The news in April that former Northeastern women’s basketball head coach Bridgette Mitchell would be leaving to take on the same role at Fordham might have been surprising — only because it seemed a year or two earlier than expected.
Mitchell’s two-year tenure with the Huskies solidified her as a rising star in the coaching world, as she used the transfer portal to overhaul the Huskies’ roster and lead the team to its first-ever share of a CAA regular season title, which earned her CAA Coach of the Year honors. While last year’s postseason dreams were ended by Monmouth in the CAA semifinals, much of Northeastern’s roster is returning this year, ready to run it back under new head coach Priscilla Edwards-Lloyd.
With proven CAA talent and rare levels of continuity in modern college basketball, the expectations for Northeastern’s season are clear — be the team that cuts down the nets at the conference tournament in D.C. This roster represents one of the best opportunities in years for Northeastern to do just that and play in the NCAA tournament for the first time since 1999.
“I’ve learned that this is a pretty resilient group. They’ve undergone a lot of changes, whether it’s with the coaching staff or even, last year, a good majority of them were newcomers,” said Edwards-Lloyd at CAA Media Day. “Their willingness to accept a new coach coming in and putting in what my philosophies are, they’ve been really accepting of that.”
Like Mitchell, Edwards-Lloyd was an assistant coach at an Atlantic Coast Conference school with no collegiate head coaching experience prior to joining the Huskies — most recently serving as an assistant at Clemson for two seasons. Despite the coaching change, Edwards-Lloyd is inheriting all but three players from last season’s team.
One factor in the lack of transfer movement is likely the NCAA decreasing its lenience in approving waivers for second-time undergraduate transfers, specifically stating that a coaching change would not be a valid reason for a waiver to play at a new school without having to sit out a season. This means that players such as guard Derin Erdogan, forward Deja Bristol, and forward Halle Idowu — all seniors who transferred to Northeastern from other schools — would not have been guaranteed to be immediately eligible at a new program had they opted to transfer following Mitchell’s departure.
Possibly a bigger reason for the roster stability, though, was the bond the players have on and off the court, which has allowed them to easily transition to the new regime and build immediate credibility in Edwards-Lloyd’s program.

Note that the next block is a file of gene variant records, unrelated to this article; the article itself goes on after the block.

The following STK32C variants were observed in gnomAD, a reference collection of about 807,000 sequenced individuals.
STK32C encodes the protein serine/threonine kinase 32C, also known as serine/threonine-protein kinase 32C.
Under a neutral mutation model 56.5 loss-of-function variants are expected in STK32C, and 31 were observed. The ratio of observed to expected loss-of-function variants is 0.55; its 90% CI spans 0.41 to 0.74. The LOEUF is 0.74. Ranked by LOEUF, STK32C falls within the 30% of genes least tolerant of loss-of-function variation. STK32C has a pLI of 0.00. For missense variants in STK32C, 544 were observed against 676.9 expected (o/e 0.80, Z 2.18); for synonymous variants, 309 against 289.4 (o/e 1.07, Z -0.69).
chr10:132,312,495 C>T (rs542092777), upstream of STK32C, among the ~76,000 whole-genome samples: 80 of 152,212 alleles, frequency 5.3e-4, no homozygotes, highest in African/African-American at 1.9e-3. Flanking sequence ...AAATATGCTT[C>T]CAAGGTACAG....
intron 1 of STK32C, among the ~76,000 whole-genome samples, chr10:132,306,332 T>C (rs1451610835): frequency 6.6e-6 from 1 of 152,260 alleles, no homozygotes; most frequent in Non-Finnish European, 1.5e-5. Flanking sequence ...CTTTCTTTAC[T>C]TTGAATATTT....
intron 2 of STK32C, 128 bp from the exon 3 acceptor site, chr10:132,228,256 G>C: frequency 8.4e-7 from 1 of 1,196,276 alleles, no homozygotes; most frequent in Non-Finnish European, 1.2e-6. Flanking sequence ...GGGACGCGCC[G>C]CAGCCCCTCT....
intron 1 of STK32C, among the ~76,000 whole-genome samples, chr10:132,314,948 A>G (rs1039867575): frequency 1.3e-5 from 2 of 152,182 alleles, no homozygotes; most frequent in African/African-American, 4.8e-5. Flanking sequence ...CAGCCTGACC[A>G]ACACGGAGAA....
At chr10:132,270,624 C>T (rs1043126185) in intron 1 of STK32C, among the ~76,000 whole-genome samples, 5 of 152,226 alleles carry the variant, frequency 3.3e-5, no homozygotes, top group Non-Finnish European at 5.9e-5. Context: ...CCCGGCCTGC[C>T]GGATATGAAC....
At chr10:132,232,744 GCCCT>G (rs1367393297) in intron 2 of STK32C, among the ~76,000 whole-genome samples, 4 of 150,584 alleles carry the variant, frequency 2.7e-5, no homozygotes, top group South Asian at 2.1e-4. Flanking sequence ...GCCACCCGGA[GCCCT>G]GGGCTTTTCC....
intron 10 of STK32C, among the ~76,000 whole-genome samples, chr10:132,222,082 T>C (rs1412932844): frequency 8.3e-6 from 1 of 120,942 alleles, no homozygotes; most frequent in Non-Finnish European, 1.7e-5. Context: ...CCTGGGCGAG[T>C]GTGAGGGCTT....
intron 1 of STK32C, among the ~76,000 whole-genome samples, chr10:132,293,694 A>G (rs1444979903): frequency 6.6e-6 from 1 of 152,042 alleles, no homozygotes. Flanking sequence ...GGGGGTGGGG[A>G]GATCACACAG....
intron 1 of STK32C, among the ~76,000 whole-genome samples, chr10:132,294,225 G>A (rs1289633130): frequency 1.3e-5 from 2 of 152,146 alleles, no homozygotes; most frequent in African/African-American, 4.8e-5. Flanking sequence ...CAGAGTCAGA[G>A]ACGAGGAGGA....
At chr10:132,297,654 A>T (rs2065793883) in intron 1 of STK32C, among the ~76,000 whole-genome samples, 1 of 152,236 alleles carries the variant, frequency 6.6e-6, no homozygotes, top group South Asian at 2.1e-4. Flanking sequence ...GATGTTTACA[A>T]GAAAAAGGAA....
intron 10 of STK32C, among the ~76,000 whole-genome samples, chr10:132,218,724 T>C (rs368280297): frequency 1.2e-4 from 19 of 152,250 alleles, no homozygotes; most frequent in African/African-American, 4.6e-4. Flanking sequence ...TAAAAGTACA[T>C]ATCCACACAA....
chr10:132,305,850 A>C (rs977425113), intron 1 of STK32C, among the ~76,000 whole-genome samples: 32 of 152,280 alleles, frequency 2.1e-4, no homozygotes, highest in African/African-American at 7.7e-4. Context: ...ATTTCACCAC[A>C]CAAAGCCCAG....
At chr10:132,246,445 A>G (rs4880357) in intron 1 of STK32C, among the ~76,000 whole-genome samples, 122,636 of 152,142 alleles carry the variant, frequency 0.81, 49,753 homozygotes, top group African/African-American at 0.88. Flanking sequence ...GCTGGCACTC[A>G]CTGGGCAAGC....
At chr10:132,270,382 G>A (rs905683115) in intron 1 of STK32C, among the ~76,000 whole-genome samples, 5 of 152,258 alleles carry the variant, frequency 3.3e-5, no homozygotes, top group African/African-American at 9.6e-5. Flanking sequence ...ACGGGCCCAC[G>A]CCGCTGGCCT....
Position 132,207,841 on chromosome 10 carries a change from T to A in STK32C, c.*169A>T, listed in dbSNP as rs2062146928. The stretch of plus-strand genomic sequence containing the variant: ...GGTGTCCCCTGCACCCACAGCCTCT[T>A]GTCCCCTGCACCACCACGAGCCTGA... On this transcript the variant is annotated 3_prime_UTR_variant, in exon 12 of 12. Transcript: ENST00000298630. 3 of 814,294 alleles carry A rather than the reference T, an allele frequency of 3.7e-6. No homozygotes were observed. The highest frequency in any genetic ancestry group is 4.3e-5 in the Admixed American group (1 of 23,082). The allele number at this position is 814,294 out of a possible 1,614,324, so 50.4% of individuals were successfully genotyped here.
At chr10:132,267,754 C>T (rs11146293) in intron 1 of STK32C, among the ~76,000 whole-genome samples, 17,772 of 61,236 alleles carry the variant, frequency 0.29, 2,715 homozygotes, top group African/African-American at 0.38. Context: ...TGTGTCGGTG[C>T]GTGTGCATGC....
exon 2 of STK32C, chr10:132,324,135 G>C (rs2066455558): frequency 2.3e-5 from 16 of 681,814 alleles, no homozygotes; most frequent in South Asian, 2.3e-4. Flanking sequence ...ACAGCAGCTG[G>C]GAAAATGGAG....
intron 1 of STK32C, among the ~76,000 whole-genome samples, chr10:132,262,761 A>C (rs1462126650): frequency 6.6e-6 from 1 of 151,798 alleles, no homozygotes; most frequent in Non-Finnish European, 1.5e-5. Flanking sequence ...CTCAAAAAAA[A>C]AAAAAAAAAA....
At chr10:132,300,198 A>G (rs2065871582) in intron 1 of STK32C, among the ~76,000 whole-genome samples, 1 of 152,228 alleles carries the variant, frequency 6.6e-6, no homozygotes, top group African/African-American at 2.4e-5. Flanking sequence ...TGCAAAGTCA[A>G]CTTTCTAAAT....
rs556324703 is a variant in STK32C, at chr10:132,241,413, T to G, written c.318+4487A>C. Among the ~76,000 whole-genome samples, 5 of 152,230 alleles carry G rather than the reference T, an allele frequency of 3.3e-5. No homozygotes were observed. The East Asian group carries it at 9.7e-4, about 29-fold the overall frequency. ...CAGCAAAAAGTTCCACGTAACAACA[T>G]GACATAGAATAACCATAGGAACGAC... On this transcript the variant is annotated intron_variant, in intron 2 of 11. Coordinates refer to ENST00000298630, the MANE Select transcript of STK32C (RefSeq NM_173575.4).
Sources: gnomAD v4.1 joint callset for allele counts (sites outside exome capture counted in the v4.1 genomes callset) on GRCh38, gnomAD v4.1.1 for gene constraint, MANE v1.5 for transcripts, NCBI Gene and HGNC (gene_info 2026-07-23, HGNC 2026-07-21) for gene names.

While most players have returned, the team’s biggest departure is guard JaMiya Braxton, who finished third on the team in scoring with 9.9 PPG last season as a graduate transfer, and along with Erdogan took the bulk of the Huskies’ three-point attempts. Also leaving are forward Izzy Larsen, who played all three of her collegiate seasons with Northeastern, and guard Anna Boruta, who transferred to Stonehill after four years with the Huskies.
Erdogan, who was named to the Preseason All-CAA First Team, may need to pick up even more of the slack from beyond the arc with Braxton gone, although she has been focused on improving all facets of her game during the offseason.
“I’m kind of like a three-level scorer,” Erdogan said. “I think the conference knows that, but I know I’ve got to improve my right hand or the little things that I’ve been not doing … I know I have more opportunities to score from the pull-ups in the pick-and-roll action, so I’m just working on the things I’m not the best at yet.”
Outside of Erdogan, it’s an open question as to who else can step up from deep. Junior guard Camille Clement has been a three-point specialist for Northeastern (more than 70% of her field goal attempts last year were from beyond the arc), but she averaged under 11 minutes per game last season. Another wild card is senior guard Maddie Vizza, who set the school record for best single-season three-point percentage (44%) with the Huskies in 2020-21, but has missed much of the past two years recovering from an injury.
Erdogan wasn’t the only Northeastern player to earn a CAA preseason honor — junior guard Gemima Motema was selected to the Preseason All-CAA Second Team. Motema is coming off of a sophomore season in which she continued to excel on both sides of the ball, driving to the basket and generating steals, and all indications are that she will continue that strong play and again contend for a spot on the postseason All-CAA and All-Defensive teams.
Another player with solid interior offensive play and strong defense is fifth-year guard Jaelyn Batts, who transferred from Boston College prior to last season and missed the entire fall semester, but integrated quickly and started the final 13 games of the season. Being able to play right away this year should be beneficial to Batts, the only Husky with four years of collegiate experience entering this season.